Gravehill / Mordbrand
In Nighted Waters
Gravehill / Mordbrand = Hellhammer + early Grave + Sodom + early Entombed
This isn’t your average split 12”—hell, what is an average split release anyway? You have two bands, sometimes doing completely different things, or two bands doing some likeminded things. While Cali’s Gravehill and Sweden’s Mordbrand run in similar genre circles, the music from both bands is not just diverse with regard to the split but also explores a bit of newer territory for each band. Gravehill’s Side A is the band’s previously released but highly limited (to cassette) EP, Skullbearer. Side B for Mordbrand is a brand-new EP titled In Nighted Waters. Maybe this was not initially meant to be a split, but it is now—well, more of a two-for-one option on vinyl: two EPs on one piece of wax.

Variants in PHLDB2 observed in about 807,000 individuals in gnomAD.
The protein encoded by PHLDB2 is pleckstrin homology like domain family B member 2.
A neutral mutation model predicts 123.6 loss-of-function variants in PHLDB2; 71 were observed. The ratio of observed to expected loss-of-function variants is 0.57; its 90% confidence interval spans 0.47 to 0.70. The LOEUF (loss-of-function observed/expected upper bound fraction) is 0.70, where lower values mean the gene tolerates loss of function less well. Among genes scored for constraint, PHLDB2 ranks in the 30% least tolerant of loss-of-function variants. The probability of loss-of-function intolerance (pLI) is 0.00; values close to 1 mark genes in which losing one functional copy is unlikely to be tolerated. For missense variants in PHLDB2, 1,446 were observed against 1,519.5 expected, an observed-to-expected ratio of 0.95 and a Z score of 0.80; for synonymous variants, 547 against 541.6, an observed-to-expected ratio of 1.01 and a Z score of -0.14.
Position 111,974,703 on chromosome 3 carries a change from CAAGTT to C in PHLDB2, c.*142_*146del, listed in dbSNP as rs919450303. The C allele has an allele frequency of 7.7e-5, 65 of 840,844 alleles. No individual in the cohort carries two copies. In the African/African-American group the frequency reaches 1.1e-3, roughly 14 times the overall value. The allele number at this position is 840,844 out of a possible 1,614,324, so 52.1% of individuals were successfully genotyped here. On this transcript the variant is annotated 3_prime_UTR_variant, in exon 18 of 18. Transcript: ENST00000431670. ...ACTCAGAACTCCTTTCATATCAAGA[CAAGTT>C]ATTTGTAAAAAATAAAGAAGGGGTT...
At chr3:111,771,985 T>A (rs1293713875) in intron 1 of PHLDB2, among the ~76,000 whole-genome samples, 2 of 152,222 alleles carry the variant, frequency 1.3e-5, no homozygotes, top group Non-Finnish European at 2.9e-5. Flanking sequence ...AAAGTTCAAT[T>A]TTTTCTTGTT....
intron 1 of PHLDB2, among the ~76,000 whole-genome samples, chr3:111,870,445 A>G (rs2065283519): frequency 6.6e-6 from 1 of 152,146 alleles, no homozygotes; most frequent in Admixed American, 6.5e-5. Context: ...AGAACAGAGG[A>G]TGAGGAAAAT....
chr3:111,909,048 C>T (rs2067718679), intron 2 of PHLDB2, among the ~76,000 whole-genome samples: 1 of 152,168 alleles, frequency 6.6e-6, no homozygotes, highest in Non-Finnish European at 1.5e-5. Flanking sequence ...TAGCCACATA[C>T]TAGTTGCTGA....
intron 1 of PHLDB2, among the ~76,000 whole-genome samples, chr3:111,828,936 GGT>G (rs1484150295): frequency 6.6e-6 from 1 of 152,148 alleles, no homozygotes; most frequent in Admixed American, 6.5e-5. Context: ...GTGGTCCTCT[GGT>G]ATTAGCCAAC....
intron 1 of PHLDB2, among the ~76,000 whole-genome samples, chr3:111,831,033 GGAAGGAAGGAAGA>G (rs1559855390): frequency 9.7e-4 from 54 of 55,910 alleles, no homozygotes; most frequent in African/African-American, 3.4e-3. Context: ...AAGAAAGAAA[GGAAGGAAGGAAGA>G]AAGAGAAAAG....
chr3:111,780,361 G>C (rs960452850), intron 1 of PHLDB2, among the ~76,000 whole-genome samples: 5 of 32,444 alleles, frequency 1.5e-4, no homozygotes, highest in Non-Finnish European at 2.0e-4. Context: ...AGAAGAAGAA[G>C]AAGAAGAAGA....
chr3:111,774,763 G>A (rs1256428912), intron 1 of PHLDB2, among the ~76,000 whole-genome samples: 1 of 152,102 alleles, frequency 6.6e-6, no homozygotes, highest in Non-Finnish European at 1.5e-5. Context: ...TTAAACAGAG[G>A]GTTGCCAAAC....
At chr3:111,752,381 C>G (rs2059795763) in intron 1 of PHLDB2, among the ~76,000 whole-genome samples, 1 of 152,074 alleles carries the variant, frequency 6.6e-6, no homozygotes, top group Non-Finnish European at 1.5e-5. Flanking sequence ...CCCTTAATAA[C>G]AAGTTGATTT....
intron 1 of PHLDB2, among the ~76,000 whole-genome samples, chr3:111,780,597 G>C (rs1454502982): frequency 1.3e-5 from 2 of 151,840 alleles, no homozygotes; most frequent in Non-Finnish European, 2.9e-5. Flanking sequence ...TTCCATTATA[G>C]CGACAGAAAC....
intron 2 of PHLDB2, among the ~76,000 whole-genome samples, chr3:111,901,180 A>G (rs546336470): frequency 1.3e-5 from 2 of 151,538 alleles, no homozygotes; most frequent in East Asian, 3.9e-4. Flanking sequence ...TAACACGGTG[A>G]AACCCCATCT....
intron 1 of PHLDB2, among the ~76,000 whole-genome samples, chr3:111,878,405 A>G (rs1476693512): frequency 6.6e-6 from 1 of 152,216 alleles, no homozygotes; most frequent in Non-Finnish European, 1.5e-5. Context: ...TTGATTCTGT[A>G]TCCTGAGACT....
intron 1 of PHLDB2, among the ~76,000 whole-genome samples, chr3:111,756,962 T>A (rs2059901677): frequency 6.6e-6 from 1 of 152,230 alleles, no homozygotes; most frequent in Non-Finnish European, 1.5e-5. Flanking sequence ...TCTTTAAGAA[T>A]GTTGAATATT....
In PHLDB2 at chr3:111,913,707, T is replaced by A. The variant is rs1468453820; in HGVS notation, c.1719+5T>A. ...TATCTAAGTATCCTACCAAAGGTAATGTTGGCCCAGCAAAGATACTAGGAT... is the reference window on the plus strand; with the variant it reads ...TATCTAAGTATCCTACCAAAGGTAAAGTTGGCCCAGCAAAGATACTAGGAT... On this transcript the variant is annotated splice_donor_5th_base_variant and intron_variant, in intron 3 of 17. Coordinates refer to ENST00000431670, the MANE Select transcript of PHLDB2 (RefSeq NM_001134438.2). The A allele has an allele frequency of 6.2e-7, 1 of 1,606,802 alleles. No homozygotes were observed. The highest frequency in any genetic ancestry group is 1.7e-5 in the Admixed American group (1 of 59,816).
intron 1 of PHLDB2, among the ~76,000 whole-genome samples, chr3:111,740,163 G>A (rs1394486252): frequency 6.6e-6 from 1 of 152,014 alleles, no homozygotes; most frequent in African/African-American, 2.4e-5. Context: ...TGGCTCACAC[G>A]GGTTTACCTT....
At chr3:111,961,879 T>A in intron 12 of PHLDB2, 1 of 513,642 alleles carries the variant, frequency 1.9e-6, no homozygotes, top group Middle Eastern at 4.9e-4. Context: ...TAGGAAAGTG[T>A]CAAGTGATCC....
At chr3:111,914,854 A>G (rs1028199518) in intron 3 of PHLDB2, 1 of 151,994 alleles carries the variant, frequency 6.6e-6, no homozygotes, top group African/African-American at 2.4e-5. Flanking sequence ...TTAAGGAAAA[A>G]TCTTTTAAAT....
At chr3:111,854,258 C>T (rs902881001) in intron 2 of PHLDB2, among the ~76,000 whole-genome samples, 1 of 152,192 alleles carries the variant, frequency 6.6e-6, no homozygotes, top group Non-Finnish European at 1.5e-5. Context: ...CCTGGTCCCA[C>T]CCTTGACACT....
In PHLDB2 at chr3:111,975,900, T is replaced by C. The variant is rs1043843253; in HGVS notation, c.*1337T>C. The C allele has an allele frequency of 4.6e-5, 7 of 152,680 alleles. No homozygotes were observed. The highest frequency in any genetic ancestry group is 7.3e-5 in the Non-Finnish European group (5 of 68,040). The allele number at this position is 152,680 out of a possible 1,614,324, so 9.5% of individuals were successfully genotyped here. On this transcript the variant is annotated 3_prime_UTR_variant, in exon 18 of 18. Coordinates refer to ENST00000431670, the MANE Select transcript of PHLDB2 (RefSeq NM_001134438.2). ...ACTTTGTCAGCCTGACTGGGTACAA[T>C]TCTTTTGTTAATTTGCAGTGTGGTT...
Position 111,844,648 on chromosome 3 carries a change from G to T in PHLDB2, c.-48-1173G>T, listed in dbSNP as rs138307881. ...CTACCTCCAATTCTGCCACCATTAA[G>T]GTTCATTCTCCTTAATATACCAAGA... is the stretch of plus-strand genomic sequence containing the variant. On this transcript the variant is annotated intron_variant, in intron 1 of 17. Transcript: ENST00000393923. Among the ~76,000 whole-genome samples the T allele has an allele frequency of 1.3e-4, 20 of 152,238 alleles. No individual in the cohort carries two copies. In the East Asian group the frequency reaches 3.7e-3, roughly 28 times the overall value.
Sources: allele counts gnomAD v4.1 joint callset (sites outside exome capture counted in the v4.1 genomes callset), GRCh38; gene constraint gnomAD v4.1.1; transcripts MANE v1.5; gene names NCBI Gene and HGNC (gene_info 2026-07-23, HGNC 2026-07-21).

Starting off, I’m going in reverse order of the split here. I hadn’t heard a lick of music from Mordbrand, but this introduction is outstanding, mostly straight-up Swedish death. It has that jugular-pulling, dirty, Swedish death metal guitar style running through it to pump out heavy and heavier riffing. The production is quite clean while keeping a raw edge throughout. Tempos, however, are multifaceted. There is some minimal keyboard work. The keys do not take an ounce of the death away and do not populate every song. The opening riffs from “Decimation Reigns” set the tone for the bands’ five decimating tunes. When Mordbrand aren’t pummeling with riffs, the breaks—interchanges from riffing and downtempo melodic stuff in between—keep things rolling like a rocket-fueled steamroller. “Parishioners of the Bleeding” has some great tremolo riffing that doesn’t really play out on any other songs—just a bit of the diversity that populates In Nighted Waters. It all ends in a fantastic bang. “Where Existence is Null” is a downtempo track that gets your mind thinking, “OK, this is going to close out a bit slow and dreary.” Nope! “Compost Christ” lays the sucker punches with a jackhammer fist that forms fast, chunky riffs with all the violence you expect from Swedish death metal elite!